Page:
Americans with disabilities are a part of the “Forgotten Americans” whom President Trump pledged to remember. On the campaign trail, at rallies across America, Candidate Trump repeatedly spoke to the Forgotten American, saying: I am your champion. No longer will you be forgotten. No longer will you be invisible.
In mid-May President Trump, brandishing a one-page document, set forth his proposed FY 2018 budget for America and his vision for our future. It includes massive cuts: income tax cuts for the wealthy and assistance cuts for those in need. These cuts are carried forward in the Senate’s proposed Repeal and Replace Healthcare Bill.
People with disabilities: still forgotten, still invisible in the president’s proposed budget.
One of every five Americans has a disability. People with disabilities are a directly targeted group in President Trump’s proposed budget – but are also a forgotten part of every group targeted for spending cuts: minorities, the elderly, immigrants, LGBT individuals, poor or low income people, mothers, children, youth, post-9/11 veterans, and other vulnerable groups.
The United States budget is actually arrived at through a legislative process, so we can hope that Congress will work towards a more equitable and productive budget.
The president’s budget, however, might be viewed as his wish list. Seen as such, we must wonder: How will people with disabilities fare?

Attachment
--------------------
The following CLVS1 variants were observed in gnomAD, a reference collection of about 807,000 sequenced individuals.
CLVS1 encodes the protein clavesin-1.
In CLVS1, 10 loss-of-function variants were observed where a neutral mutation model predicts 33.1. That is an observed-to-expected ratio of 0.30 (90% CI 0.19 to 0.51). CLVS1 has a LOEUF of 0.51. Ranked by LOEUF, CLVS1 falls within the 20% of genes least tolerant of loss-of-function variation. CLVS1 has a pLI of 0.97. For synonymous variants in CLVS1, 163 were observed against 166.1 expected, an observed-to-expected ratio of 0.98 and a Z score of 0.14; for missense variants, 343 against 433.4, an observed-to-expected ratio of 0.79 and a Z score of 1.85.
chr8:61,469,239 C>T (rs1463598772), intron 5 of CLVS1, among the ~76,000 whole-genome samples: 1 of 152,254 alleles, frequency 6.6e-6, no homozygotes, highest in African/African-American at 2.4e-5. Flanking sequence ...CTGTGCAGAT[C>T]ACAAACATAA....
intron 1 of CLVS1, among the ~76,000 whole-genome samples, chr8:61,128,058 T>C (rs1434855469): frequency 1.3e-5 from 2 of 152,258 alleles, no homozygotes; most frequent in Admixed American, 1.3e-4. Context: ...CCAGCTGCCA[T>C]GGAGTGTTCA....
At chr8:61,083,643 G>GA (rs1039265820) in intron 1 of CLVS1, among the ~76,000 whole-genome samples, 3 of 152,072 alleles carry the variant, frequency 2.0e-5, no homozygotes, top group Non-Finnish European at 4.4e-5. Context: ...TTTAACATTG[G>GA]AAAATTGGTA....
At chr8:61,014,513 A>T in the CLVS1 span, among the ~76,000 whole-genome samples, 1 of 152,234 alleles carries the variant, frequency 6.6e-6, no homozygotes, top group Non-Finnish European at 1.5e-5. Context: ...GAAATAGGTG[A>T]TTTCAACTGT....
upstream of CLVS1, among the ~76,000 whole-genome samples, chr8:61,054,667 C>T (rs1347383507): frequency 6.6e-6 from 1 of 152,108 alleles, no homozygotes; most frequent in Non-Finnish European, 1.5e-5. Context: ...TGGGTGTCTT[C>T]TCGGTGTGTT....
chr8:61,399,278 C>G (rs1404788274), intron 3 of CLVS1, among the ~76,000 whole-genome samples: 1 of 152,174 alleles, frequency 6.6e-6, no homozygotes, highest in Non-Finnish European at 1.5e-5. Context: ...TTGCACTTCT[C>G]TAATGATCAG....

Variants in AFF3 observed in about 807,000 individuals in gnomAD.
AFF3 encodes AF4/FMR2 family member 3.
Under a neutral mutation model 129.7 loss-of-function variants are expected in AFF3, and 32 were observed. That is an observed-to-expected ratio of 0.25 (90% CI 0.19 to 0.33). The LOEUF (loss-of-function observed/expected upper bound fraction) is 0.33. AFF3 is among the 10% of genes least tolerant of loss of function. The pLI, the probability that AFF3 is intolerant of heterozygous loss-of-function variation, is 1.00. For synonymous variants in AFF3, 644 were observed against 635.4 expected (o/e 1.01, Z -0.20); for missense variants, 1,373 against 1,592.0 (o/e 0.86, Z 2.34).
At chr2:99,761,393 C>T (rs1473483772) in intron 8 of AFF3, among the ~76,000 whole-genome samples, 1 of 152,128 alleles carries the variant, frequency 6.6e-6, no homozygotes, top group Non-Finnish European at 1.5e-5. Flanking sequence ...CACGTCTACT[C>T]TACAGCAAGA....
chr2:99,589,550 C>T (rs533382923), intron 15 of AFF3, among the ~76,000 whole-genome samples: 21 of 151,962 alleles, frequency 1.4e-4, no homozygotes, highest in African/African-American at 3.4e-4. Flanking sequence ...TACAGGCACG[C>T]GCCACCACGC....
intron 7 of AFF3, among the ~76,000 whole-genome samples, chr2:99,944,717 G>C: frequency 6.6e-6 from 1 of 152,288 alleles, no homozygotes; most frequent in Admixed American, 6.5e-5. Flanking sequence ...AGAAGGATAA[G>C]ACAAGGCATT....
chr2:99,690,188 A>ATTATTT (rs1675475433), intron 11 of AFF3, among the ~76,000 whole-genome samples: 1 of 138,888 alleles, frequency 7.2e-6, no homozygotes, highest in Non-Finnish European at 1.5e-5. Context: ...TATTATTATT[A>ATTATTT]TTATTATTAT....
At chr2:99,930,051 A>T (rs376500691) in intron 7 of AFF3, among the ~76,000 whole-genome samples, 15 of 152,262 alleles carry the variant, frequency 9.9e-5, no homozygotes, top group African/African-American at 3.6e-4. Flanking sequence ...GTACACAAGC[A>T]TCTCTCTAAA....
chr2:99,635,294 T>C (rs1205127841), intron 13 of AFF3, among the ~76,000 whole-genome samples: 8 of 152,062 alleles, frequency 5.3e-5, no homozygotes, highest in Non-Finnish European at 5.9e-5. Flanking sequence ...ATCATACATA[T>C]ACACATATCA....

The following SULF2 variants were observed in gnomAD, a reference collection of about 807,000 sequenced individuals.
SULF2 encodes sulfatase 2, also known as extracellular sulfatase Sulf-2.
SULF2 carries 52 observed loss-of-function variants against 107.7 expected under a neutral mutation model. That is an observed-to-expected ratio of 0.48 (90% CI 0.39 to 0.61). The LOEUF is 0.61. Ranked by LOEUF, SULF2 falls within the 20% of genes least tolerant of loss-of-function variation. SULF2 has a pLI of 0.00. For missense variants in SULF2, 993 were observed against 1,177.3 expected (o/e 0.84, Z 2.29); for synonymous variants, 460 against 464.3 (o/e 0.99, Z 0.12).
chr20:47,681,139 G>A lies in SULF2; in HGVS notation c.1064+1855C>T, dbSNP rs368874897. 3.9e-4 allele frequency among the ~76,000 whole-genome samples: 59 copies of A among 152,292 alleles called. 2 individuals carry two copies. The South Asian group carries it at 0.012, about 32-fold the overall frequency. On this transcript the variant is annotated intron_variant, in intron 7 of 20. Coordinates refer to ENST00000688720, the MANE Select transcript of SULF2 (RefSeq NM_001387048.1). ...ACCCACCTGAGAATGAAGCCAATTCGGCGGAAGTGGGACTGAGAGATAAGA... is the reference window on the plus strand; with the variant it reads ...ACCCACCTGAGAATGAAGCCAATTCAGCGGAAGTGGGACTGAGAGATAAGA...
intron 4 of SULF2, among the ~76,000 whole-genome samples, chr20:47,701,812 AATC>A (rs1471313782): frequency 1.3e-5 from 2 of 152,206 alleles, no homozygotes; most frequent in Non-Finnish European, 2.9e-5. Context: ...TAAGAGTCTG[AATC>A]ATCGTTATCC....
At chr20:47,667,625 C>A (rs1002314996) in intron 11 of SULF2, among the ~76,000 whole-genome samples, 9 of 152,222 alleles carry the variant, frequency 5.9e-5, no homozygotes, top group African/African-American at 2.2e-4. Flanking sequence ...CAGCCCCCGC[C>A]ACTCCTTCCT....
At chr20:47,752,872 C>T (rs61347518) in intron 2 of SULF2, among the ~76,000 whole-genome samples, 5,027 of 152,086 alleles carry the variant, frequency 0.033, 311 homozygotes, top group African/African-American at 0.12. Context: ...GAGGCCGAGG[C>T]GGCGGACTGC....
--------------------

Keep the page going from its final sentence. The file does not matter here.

This budget includes proposed cuts in many areas. To name just a few:
· Rehabilitation services in health, vocational training, mental health and substance abuse services, and special education
· Job training programs and employment opportunities
· Health care including rollback of the Affordable Care Act and severe cutbacks to Medicaid
· Food/nutrition programs such as Meals on Wheels and SNAP
Americans with disabilities would be negatively and disproportionately impacted across the board by these proposals.
Today, with appropriate opportunities and supports, and the protection of the Americans with Disabilities Act passed in July 1990, many people with disabilities are able to work ― and do so in every profession from food service to high finance.
However, approximately 70 percent of Americans with disabilities of working age are still unemployed. This is a huge waste of America’s human resources and economic potential. Millions of people across the country need rehabilitation services, vocational training, medical care and support while they prepare for the workforce. Many are youth whose special education needs make the transition to employment more challenging without targeted training programs. Many are veterans who have returned home from service with disabilities and want to get back into the workforce, but are in need of retraining, medical and mental health support, guidance and good job opportunities.
President Trump and Congress have a duty to keep their promise to all the “Forgotten Americans,” including people with disabilities. We MUST be visible and championed in the planning and in the legislative budget.
Congress: Keep Disability in the concept of Diversity in the workplace, and create an economic future that puts people with disabilities to work!
ICD is a NYC-based non-profit organization celebrating its 100th anniversary of helping people with disabilities transform their lives. ICD was instrumental in the conception and passage of the Americans with Disabilities Act in 1990, and continues its leadership role in workforce development service, advocacy and education.